Friday, May 26, 2006

Okay, I was in a bit of a state the other night, so I may not have been perfectly clear. The evil fiend shown below is none other than a nefarious member of the Tineidae family of moths... THE WOOL EATING KIND! The ones that eat wool, and one of which calmly waltzed out of my Sheep Tote last night, are uniformly buff colored and about half an inch long with similarly small wings. Here is a better photo

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I have gone into full lock down and sterilization.

All animal fiber has been bagged into brand-new ziplocs in hopes of depriving any little monsters of air. The freezer is stuffed to the brim with as many bags as I could fit for the first batch. According to research around the internet, the thing to do is freeze for 72 hours (preferably in a chest freezer, but I don't have one so am using the "set the freezer as low as it goes and don't open it for the whole time" method), then warm to at least 50F for a "short time" which I am going to interpret as a day, and then freeze again. Switch out the yarn and repeat. In addition to lack of air and freezer temperatures, the thermal shock is really supposed to do them in.

I didn't see any holes in the tote, so hopefully I nipped this one in the bud. I didn't look all that carefully, though, since it is going to be felted. I believe that any infestation would be limited to the three grocery bags of yarn that were just sort of out, but there has been a fair bit of moving yarn in and out of cupboards, so I'm not taking any chances and just doing it all. Wish me luck.

*Note, there were a number of sites that helped me, I think the best summary of the course of action is at

Tuesday, May 23, 2006

Oh God! Oh God!

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What do I do?!?!

Monday, May 22, 2006

Okay, here's the story with Tricot. I started this as my second or third sweater in 2003 immediately after the pattern came out. I finished the body and started work on the sleeves. I was so excited that when I had to rip out the sleeves since they would have fit around my waist, I blocked the body pieces (there was some sizing difference) and sewed them together. I tried it on that night in the bathroom of the restaurant that Purlygirls was meeting in at the time. It fit amazingly. I was so impressed with myself, I couldn't believe how good it made me look and what fabulous fashion wear I could make. Of course the pieces were a little too short...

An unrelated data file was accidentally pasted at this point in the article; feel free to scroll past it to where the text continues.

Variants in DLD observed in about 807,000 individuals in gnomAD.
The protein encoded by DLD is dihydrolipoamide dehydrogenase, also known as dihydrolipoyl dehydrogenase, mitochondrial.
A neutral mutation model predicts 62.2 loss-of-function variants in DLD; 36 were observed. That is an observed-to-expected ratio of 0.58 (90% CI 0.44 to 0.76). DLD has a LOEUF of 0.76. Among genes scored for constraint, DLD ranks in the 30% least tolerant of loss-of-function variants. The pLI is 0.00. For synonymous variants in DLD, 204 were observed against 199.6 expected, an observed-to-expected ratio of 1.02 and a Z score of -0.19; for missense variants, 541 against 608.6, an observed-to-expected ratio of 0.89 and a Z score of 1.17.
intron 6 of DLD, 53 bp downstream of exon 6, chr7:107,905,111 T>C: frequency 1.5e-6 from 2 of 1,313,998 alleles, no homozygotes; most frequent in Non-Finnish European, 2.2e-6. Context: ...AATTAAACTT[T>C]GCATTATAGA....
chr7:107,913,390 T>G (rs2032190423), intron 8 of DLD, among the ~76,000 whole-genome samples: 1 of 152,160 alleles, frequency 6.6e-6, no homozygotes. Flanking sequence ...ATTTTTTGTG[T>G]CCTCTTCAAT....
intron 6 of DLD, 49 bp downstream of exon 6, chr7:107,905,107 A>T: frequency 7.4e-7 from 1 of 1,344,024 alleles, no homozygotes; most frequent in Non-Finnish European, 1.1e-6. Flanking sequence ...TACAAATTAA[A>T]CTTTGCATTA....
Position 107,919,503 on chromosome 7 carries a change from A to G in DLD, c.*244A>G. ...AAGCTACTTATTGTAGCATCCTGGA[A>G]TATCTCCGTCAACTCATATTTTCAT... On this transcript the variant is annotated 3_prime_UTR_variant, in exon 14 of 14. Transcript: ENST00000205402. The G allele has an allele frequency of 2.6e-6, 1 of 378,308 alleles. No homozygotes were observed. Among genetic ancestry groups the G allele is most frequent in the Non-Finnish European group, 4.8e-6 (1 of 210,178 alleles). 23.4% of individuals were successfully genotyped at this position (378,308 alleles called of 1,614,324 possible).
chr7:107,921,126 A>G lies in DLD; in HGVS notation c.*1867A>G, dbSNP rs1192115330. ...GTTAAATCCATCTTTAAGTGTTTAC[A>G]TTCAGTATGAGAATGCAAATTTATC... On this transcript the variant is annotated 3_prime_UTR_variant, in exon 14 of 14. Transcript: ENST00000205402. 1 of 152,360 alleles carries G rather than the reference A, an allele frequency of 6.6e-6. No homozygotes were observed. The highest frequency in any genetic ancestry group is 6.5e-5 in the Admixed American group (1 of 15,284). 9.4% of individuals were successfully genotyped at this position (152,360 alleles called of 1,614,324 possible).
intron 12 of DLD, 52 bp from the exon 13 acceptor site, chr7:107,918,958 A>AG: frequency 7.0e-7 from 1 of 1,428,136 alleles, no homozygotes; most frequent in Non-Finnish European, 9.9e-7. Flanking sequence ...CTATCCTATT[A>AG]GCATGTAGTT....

I reknit the sleeves several times (I'm pretty sure there were gauge issues). Finally I got to the decreases and saw on closer inspection of the body that while I did all the decreases the same, they weren't what was specified in the pattern, and I had some trouble reading what I had actually done. I had to rip the sleeves again, and eventually shoved it into a basket somewhere. I picked it up again some time last year and restarted the sleeves, but abandoned them after only a few rows.

Recently, I began the sleeves again. I had to start twice or so, but that's life. I am better now at reading my knitting, so I was able to mimick the decreases. I continued the decreases farther up the body and sleeves this time to make it longer. I tried it on. It's too short. Not just from the armpit up like I remember from before, but also from the bottom to armhole. At the moment, I am blocking it as nothing has ever been blocked before (of course the blue ran in the soaking, darkening the green, but I'm telling myself that's actually a good thing). If this doesn't work I probably need to just start over. I guess I could maybe knit a few inches and then graft them on... damn I wish that a) I didn't want this sweater so badly, and b) I could picture this yarn as anything else.

Sunday, May 21, 2006